Leigh-Anne Pinnock: Conversations with my friends
This article was first published in May 2021.
Leigh-Anne Pinnock is best-known as being one third of pop powerhouse, Little Mix. But recently Leigh-Anne has decided to use her fame to highlight some issues very close to her heart in the new BBC Three documentary Leigh-Anne: Race, pop and power.
Here, Leigh-Anne talks over dinner to some of her life-long friends about their different experiences of racism.
If you have been affected by racism
We asked Kadra Abdinasir from the Centre for Mental Health for her advice on how to look after your mental health if you have been affected by racism. Here are Kadra's tips:
You should speak to someone about your experiences such as a parent, carer or teacher. You could also speak to your GP or school nurse.
There are a range of free and confidential helplines and services online. See below for some links.
Try and block or filter out content online that negatively impacts the way you feel. Take a break from social media if you feel it's getting a bit much and switch off from your phone one hour before bedtime, so it doesn't impact your sleep.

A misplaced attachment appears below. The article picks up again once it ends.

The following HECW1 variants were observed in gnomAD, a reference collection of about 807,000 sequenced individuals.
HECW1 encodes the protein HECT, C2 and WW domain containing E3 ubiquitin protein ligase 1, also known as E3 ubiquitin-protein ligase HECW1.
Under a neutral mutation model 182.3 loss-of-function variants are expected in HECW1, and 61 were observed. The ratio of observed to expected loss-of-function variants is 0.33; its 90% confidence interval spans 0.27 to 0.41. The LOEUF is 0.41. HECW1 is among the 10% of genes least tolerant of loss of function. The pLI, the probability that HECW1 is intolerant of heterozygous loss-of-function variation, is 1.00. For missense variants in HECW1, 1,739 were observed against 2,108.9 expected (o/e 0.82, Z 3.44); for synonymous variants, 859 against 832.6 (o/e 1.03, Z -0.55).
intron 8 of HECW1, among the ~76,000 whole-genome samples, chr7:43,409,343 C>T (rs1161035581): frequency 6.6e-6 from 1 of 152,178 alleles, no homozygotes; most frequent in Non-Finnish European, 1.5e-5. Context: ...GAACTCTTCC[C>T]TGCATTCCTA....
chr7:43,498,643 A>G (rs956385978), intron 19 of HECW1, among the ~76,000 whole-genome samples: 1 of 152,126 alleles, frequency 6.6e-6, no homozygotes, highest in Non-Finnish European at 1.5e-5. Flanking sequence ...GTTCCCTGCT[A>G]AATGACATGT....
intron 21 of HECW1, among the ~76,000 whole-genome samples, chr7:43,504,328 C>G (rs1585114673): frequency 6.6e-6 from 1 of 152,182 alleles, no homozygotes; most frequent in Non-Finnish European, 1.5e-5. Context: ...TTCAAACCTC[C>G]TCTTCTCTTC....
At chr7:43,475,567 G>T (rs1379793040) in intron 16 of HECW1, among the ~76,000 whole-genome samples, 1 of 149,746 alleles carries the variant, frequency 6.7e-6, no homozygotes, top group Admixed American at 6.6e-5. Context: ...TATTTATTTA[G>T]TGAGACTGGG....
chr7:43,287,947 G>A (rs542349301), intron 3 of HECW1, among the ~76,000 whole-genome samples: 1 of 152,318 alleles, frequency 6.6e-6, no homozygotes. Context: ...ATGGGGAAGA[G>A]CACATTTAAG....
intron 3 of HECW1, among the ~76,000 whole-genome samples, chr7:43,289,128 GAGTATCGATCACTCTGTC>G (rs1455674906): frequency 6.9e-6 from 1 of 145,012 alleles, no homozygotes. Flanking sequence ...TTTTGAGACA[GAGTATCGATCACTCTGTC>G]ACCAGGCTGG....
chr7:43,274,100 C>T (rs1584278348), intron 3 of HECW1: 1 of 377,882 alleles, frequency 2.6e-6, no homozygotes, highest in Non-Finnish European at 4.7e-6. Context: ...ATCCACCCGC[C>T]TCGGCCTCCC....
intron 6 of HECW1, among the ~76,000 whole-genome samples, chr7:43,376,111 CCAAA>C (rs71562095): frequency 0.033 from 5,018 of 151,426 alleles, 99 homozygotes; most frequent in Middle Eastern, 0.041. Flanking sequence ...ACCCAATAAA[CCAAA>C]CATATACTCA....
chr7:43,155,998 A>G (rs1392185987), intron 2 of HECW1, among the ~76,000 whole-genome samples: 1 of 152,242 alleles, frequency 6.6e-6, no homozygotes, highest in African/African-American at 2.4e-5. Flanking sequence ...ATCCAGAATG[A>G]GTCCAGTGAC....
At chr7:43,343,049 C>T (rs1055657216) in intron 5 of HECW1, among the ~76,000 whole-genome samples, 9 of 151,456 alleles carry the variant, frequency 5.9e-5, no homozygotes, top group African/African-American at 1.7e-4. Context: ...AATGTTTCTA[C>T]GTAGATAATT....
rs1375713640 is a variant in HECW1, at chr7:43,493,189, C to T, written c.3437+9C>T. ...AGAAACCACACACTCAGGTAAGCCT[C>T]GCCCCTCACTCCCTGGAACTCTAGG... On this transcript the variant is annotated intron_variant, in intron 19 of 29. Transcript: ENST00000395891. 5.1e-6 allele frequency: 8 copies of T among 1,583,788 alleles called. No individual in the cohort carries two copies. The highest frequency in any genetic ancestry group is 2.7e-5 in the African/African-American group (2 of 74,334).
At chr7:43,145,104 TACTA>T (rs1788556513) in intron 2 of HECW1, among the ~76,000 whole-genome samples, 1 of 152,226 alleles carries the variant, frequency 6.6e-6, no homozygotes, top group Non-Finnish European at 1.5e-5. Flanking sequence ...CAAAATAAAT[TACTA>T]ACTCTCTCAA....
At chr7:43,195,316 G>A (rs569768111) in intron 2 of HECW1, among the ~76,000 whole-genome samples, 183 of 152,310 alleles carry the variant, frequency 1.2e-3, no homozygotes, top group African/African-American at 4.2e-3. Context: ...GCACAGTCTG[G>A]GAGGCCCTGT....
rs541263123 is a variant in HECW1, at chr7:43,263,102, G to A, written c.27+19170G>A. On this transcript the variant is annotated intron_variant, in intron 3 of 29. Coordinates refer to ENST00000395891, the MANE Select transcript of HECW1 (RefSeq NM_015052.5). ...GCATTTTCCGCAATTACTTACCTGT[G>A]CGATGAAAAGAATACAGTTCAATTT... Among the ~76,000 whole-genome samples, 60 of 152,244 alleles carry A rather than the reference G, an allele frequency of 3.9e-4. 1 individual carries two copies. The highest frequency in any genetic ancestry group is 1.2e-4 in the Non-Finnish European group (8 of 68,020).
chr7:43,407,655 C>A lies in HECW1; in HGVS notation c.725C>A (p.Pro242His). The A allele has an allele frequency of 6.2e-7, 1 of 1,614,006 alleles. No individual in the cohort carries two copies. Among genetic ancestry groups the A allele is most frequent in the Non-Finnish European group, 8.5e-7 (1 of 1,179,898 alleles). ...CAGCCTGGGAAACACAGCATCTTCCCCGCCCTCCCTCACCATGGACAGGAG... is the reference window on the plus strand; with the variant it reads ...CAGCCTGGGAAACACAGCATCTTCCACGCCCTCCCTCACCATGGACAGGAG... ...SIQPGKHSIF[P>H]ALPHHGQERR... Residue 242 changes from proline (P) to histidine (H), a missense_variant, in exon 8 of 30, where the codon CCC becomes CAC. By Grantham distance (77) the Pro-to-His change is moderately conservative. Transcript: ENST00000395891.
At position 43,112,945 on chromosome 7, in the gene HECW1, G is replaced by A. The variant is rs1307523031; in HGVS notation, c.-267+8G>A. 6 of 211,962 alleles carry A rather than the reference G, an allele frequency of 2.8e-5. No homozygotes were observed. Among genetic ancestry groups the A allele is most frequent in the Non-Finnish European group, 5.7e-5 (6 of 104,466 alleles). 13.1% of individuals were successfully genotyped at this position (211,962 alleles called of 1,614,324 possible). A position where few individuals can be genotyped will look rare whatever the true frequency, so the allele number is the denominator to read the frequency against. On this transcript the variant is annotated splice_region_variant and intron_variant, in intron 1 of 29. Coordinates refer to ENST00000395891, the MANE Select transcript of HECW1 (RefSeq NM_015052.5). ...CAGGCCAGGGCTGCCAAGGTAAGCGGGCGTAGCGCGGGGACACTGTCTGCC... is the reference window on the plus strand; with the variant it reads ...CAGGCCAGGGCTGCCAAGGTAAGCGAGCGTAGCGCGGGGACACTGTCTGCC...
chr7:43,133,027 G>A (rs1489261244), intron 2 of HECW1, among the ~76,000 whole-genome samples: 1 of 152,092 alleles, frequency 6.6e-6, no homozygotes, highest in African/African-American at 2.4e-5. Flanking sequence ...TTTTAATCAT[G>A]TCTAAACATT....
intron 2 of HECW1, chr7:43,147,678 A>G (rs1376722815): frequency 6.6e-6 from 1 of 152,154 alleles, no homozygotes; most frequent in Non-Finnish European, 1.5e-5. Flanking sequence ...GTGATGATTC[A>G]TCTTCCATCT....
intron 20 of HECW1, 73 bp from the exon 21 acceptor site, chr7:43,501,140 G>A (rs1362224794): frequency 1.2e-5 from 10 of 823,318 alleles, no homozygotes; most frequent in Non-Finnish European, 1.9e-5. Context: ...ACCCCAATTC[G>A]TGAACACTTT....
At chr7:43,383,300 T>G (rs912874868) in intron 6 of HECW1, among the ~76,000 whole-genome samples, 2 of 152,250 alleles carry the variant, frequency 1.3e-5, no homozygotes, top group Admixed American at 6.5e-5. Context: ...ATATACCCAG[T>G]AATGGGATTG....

If you feel that racism is affecting your mental wellbeing, try and do something you enjoy every day to take your mind off things.
Research your heritage and culture, as this can be a powerful tool to help you to understand yourself better. There are many groups and organisations you can join to connect with others who want to campaign against racism. This can make you feel supported and may ease your worries.
If you need support
You should always tell someone about the things you’re worried about. You can tell a friend, parent, guardian, teacher, or another trusted adult. If you're struggling with your mental health, going to your GP can be a good place to start to find help. Your GP can let you know what support is available to you, suggest different types of treatment and offer regular check-ups to see how you’re doing.
If you’re in need of in-the-moment support you can contact Childline, where you can speak to a counsellor. Their lines are open 24 hours a day, 7 days a week.
There are more links to helpful organisations on BBC Action Line.
You can watch the documentary Leigh-Anne: Race, pop and power here. Please note there is some strong language in the programme, some discriminatory language and content some viewers may find offensive.